from BARDO

The stars are in our belly; the Milky Way our umbilicus.

Is it a consolation that the stuff of which we’re made

is star-stuff too?

– That wherever you go you can never fully disappear –

dispersal only: carbon, hydrogen, nitrogen, oxygen.

Tree, rain, coal, glow-worm, horse, gnat, rock.

Roselle Angwin

Saturday, 26 May 2012

migrating to Huelgoat Forest


The sea's dappled and glimmering, silk-smooth.

Dolphin conditions, we say
hoping that every 
dark curve of wave
might instead be a sinewy back

Mid-ocean a small finch flits past, many miles from land; and then an hour later another. I guess they're on migration. I feel a moment's fear for their fragility, their distance from flock and land.

In another life, the life of a scientist, bird migration would have been my subject of choice. It is a wonder, a little miracle, the fact of bird migration.

Tell me how swallows navigate home
over and over
those few grams
against all the implacable ocean

(from Looking For Icarus, Roselle Angwin 2005, bluechrome)

Some say there's a kind of compass/lodestone in the bird's brain attuned to magnetic north. Some say birds navigate according to moon and stars. I've also heard, astonishingly, from a physicist dowser, that here in Britain waves crashing on the Western Atlantic seaboard send shockwaves through bedrock and the seabed that emerge as, I believe, infrasound, or at any rate as electromagnetic waves, high in the Ural mountains – and that wild geese navigate by these waves.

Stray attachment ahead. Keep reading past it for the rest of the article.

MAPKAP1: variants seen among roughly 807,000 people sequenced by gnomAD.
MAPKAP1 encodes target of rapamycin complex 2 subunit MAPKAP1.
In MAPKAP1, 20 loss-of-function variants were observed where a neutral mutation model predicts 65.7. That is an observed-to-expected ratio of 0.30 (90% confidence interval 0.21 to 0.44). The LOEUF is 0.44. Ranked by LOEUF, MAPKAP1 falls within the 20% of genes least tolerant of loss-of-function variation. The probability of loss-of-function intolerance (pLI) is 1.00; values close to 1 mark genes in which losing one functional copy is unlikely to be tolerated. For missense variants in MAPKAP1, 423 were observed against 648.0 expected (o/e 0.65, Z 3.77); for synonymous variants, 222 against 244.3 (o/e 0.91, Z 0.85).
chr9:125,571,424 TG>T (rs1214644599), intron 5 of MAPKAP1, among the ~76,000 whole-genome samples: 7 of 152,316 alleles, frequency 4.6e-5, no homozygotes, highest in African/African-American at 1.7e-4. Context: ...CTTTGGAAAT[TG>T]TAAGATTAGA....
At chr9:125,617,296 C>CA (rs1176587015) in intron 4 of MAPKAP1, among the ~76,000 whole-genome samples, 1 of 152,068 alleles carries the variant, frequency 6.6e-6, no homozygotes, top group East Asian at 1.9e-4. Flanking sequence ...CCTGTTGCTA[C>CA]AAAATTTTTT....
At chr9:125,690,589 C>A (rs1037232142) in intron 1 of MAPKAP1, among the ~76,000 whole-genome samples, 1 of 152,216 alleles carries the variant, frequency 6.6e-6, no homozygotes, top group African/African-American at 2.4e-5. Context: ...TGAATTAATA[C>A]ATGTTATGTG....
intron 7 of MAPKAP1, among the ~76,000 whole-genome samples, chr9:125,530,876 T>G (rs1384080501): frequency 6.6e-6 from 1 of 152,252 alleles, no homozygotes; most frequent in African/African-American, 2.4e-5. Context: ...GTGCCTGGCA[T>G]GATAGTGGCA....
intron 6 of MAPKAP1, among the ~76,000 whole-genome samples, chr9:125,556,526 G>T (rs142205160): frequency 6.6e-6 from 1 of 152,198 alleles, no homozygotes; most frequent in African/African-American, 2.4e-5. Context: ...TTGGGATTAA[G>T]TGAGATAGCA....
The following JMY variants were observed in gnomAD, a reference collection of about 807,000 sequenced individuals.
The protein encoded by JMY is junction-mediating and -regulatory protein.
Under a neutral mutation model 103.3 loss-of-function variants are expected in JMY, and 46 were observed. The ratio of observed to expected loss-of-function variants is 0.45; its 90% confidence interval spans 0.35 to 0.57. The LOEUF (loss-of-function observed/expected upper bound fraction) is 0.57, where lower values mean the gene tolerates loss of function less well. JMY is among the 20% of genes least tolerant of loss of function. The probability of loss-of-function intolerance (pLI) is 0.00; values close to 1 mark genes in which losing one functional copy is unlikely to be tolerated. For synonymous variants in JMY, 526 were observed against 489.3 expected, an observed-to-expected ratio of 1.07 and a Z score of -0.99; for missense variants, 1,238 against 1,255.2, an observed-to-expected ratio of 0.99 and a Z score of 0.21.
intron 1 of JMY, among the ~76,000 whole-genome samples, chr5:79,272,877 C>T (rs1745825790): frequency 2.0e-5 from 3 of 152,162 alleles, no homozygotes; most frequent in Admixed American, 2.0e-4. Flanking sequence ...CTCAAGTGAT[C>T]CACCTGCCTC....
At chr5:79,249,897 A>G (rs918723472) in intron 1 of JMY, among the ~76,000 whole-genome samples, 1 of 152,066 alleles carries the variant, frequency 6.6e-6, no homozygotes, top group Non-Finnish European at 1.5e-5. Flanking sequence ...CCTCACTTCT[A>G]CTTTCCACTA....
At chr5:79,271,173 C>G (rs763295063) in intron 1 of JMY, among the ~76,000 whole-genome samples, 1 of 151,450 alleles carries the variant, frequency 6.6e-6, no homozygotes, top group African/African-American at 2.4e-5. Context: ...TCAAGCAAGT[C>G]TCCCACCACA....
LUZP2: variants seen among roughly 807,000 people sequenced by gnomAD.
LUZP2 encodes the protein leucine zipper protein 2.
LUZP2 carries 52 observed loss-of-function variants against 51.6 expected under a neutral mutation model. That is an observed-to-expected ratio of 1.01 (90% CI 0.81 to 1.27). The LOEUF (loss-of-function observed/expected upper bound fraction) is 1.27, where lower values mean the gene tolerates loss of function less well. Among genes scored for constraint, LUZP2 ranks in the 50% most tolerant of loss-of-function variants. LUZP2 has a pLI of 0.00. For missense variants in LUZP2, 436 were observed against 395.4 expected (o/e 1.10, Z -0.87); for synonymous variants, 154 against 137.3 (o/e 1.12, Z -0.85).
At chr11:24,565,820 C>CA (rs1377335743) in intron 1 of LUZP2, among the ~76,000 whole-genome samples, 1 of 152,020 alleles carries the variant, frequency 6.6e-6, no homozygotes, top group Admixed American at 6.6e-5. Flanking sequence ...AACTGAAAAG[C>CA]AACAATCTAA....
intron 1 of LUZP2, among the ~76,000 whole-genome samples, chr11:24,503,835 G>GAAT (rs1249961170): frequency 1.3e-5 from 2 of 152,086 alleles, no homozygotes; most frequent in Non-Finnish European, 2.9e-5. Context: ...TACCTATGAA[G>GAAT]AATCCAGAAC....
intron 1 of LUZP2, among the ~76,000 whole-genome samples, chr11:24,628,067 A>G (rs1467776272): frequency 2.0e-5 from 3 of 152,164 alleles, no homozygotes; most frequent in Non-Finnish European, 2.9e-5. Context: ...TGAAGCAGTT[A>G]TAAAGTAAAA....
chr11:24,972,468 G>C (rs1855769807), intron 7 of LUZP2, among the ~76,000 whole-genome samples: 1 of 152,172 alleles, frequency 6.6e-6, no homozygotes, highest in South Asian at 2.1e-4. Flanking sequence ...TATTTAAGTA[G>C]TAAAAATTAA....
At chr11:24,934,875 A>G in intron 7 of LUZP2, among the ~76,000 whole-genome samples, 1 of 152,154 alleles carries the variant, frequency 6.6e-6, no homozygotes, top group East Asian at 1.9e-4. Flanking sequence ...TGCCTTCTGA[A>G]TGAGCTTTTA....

What's more, there is a deep knowing in the bird about where it needs to go, what constitutes home.

I find these things extraordinarily inspiring; and moving, too. A lone recently-fledged swallow, merely two or three months old, from a late brood here in England can find its way to where it needs to be by itself, for instance, despite that being another continent to which it has never travelled. And back again!

And here mid-ocean I'm aware that ships, and ferries like the one on which I'm sitting, save the lives of many exhausted migrating birds each year simply by offering temporary landing spots.

I'm on a 3-day migration to a favourite place: the magical Foret de Huelgoat in Brittany.

Brittany of course has much in common topologically (do I mean topographically?) as well as linguistically and culturally with the Celtic lands of Britain, especially the Western Celtic fringes. I read a very little medieval Welsh (part of my degree) and my father speaks some Cornish, so I can guess at some of the words and place names here. The Breton language is P-Celtic, or Brythonic Celtic, as are Welsh, Cornish and Manx (and maybe Galician); Scottish and Irish Gaelic tongues have Q-Celtic, or Goidelic, roots in common. In Welsh the word for 'wood' is 'coed'. Huelgoat incorporates the Breton word for 'wood', also 'coed' or 'coët', in its suffix 'goat' (consonants often mutate in the Brythonic languages depending on preceding or succeeding vowels). (If I ever knew what 'Huel' meant I've forgotten.)